Sun, 02 Oct 2022

KATHMANDU, July 19 (Xinhua) -- Sumitra Palanchoke, a woman entrepreneur from Lalitpur in Nepal's Kathmandu Valley, was struggling for fund to start her new business venture related to bamboo-made clothes, as her cash flow ran out due to orders canceled for her pashmina products from abroad.

Thanks to the interest-subsidized concessional credit scheme of the Nepali government, Palanchoke could get 1.5 million Nepali rupees (12,542 U.S. dollars) from the Nepal Bank, the oldest semi state-owned bank in the country.

Under this scheme, a businesswoman can receive a maximum of 1.5 million Nepali rupees without collateral and a subsidy of 6 percent in the interest charged by the bank.

"Receiving the loan at a subsidized interest rate was a great help for me at a time when my pashmina business suffered," Palanchoke Told Xinhua. "I decided to take the loan under the scheme because of cheaper interest rate."

Palanchoke makes clothes by mixing the threads of bamboo and cotton, which she said is a rare business in Nepal.

She is one of more than 50,000 businesswomen who have received loans under the government credit scheme launched in the 2018-19 fiscal year. By mid-July 2019, only 796 women entrepreneurs had got credits under this program, but the number grew to 6,682 by mid-July 2020, and further to 50,513 by mid-June 2021, according to statistics released by the Nepali central bank.

Meanwhile, the total amount of loans extended to woman entrepreneurs had surged to 44.66 billion Nepali rupees (373 million U.S. dollars) by mid-June 2021, from just 4.35 billion Nepali rupees (36 million U.S. dollars) by mid-July 2020.

"One of the reasons why so many women received concessional loans is that the central bank made it mandatory for banks and other financial institutions to provide such loans through its directives," Darshana Shrestha, a vice president of the Federation of Woman Entrepreneurs' Associations of Nepal, told Xinhua.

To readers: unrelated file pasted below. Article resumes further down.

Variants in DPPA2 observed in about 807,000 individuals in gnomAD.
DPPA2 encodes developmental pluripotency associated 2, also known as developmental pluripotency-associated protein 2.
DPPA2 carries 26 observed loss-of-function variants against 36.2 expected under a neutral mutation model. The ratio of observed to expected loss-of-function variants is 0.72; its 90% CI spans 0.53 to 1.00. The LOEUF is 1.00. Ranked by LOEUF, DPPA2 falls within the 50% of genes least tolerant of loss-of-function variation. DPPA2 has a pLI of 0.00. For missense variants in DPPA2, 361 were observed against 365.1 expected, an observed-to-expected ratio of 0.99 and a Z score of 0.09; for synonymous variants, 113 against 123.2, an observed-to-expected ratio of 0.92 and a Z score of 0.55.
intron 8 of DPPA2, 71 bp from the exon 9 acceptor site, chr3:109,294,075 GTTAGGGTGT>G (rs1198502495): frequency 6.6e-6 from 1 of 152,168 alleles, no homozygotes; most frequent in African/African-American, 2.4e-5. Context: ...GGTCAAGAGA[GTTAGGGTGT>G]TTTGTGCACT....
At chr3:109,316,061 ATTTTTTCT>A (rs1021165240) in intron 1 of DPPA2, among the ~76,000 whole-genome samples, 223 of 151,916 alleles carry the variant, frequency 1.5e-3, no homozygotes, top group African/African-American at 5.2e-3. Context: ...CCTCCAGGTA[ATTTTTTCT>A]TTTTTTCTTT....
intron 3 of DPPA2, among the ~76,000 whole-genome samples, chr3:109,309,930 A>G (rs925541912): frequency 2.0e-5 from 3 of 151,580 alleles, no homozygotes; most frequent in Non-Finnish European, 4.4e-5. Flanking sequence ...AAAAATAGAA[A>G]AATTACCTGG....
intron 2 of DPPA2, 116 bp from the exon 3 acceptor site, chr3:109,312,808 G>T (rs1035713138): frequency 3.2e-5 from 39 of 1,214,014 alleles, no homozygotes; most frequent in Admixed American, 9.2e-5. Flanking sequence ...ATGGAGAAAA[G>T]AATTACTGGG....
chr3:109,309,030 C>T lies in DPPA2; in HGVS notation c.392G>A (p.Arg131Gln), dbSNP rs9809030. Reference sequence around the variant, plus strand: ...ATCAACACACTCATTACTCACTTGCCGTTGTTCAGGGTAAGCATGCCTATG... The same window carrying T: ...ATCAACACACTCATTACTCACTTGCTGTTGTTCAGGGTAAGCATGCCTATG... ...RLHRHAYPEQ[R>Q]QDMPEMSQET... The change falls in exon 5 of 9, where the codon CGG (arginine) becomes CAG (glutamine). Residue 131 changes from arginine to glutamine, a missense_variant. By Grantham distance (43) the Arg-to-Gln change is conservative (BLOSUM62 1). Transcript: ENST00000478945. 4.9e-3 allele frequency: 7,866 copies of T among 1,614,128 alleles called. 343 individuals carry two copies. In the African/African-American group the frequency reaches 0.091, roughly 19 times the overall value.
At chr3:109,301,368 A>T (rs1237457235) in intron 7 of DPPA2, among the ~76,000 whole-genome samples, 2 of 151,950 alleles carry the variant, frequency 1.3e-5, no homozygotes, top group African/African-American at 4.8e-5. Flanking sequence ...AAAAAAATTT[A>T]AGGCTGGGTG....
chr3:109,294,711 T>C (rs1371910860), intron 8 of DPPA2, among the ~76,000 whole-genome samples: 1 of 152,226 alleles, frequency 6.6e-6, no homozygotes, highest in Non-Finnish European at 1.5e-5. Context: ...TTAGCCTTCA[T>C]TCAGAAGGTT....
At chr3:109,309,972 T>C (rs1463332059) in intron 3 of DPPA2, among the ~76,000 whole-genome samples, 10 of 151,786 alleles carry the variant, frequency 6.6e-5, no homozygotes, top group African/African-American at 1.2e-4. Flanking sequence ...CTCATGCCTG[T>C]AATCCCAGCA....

The Nepali central bank has made it mandatory for a commercial bank to provide concessional loans to at least 500 borrowers, with each branch servicing an average of 10 borrowers. In addition, development banks and finance companies need to provide such loans as well.

"The woman entrepreneurs' need for finances has been matched by the banks' provision of credits under compulsion and it has contributed to a rise in lending under this scheme," said Shrestha. She added that only a limited number of businesswomen have been loaned as much as 1.5 million Nepali rupees.

Besides woman entrepreneurs, anybody involved in commercial farming, the educated youth, returnee migrant workers, Dalit (a downtrodden caste) youths, and people affected by the 2015 earthquake can get credits as well from the government scheme.

By mid-June, a total of 96,852 people had benefited from the scheme. Still, businesswomen were the major beneficiaries of the scheme, since they had accounted for over 50 percent of the total borrowers, according to the Nepali central bank.

Bhuvan Dahal, president of the Nepal Bankers' Association, told Xinhua that all the concessional loans meant for women entrepreneurs might not have reached them given the tendency of people to register firms in the name of women just to get cheaper loans.

"Regardless of this possibility, it is encouraging that at least the firms have been registered in the name of women and the women have been able to come out of the periphery of their houses and deal with banks and tax offices," said Dahal, who is also the chief executive officer of Sanima Bank. "This has contributed to their empowerment."

Dahal's bank has offered loans to around 20 people, with businesswomen topping the list.

The concessional loans have helped women grow their businesses, though they could not spare themselves from the COVID-19 pandemic.

With loans from the Nepal Bank, Palanchoke is increasing the production capacity of her business.

"I have seen a lot of scope for my new venture after seeing the response to the limited products that we have been able to produce so far in the last nine months," said Palanchoke, owner of Kohinoor Handicrafts Pvt. Ltd.

"My focus for the long term has been the pashmina business. Now I'm focusing more on the new venture and I plan to expand the domestic market for the bamboo-made clothes," she said. She is not making big investment for now due to the uncertainty created by the coronavirus, but has plans to invest more in the future.

According to the Economic Census Report 2018 released by Nepal's Central Bureau of Statistics, women were owning around 30 percent of the enterprises in the country.

There were 923,356 enterprises across the country and women owned 247,880 of them, according to the report. (1 U.S. dollar equals 119.27 Nepali rupees)

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